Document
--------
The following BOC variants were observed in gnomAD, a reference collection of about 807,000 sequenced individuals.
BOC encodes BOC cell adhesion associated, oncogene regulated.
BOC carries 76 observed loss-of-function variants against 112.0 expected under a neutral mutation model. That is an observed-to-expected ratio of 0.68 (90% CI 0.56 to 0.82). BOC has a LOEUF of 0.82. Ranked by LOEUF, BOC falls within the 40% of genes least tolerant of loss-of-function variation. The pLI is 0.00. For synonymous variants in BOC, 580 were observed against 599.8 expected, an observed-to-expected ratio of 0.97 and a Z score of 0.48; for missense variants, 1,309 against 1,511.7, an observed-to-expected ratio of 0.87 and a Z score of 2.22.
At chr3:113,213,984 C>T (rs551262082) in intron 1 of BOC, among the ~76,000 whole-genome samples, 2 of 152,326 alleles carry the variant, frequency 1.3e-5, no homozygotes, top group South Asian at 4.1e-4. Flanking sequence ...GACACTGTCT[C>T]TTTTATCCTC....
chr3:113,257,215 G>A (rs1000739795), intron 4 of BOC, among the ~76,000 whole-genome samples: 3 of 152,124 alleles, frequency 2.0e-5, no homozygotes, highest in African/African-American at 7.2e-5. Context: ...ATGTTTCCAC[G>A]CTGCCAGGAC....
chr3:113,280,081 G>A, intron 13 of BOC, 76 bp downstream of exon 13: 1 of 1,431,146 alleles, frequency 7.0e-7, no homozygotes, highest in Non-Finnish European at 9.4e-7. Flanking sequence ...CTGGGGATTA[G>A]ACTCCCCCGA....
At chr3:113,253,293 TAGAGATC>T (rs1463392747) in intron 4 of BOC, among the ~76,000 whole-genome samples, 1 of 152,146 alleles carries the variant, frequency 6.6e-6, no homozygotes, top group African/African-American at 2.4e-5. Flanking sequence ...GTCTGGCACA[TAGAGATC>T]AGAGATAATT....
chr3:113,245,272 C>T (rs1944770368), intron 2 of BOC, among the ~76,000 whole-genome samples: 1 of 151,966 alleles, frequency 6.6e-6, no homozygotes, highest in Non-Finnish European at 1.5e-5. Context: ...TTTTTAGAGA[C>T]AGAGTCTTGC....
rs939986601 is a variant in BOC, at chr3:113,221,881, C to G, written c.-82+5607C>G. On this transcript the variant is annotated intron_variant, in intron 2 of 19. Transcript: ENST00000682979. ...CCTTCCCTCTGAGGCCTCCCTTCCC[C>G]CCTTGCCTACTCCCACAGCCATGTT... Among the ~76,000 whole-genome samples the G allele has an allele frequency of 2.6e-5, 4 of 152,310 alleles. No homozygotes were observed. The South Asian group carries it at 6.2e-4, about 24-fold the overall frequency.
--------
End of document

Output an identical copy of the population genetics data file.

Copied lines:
The following BOC variants were observed in gnomAD, a reference collection of about 807,000 sequenced individuals.
BOC encodes BOC cell adhesion associated, oncogene regulated.
BOC carries 76 observed loss-of-function variants against 112.0 expected under a neutral mutation model. That is an observed-to-expected ratio of 0.68 (90% CI 0.56 to 0.82). BOC has a LOEUF of 0.82. Ranked by LOEUF, BOC falls within the 40% of genes least tolerant of loss-of-function variation. The pLI is 0.00. For synonymous variants in BOC, 580 were observed against 599.8 expected, an observed-to-expected ratio of 0.97 and a Z score of 0.48; for missense variants, 1,309 against 1,511.7, an observed-to-expected ratio of 0.87 and a Z score of 2.22.
At chr3:113,213,984 C>T (rs551262082) in intron 1 of BOC, among the ~76,000 whole-genome samples, 2 of 152,326 alleles carry the variant, frequency 1.3e-5, no homozygotes, top group South Asian at 4.1e-4. Flanking sequence ...GACACTGTCT[C>T]TTTTATCCTC....
chr3:113,257,215 G>A (rs1000739795), intron 4 of BOC, among the ~76,000 whole-genome samples: 3 of 152,124 alleles, frequency 2.0e-5, no homozygotes, highest in African/African-American at 7.2e-5. Context: ...ATGTTTCCAC[G>A]CTGCCAGGAC....
chr3:113,280,081 G>A, intron 13 of BOC, 76 bp downstream of exon 13: 1 of 1,431,146 alleles, frequency 7.0e-7, no homozygotes, highest in Non-Finnish European at 9.4e-7. Flanking sequence ...CTGGGGATTA[G>A]ACTCCCCCGA....
At chr3:113,253,293 TAGAGATC>T (rs1463392747) in intron 4 of BOC, among the ~76,000 whole-genome samples, 1 of 152,146 alleles carries the variant, frequency 6.6e-6, no homozygotes, top group African/African-American at 2.4e-5. Flanking sequence ...GTCTGGCACA[TAGAGATC>T]AGAGATAATT....
chr3:113,245,272 C>T (rs1944770368), intron 2 of BOC, among the ~76,000 whole-genome samples: 1 of 151,966 alleles, frequency 6.6e-6, no homozygotes, highest in Non-Finnish European at 1.5e-5. Context: ...TTTTTAGAGA[C>T]AGAGTCTTGC....
rs939986601 is a variant in BOC, at chr3:113,221,881, C to G, written c.-82+5607C>G. On this transcript the variant is annotated intron_variant, in intron 2 of 19. Transcript: ENST00000682979. ...CCTTCCCTCTGAGGCCTCCCTTCCC[C>G]CCTTGCCTACTCCCACAGCCATGTT... Among the ~76,000 whole-genome samples the G allele has an allele frequency of 2.6e-5, 4 of 152,310 alleles. No homozygotes were observed. The South Asian group carries it at 6.2e-4, about 24-fold the overall frequency.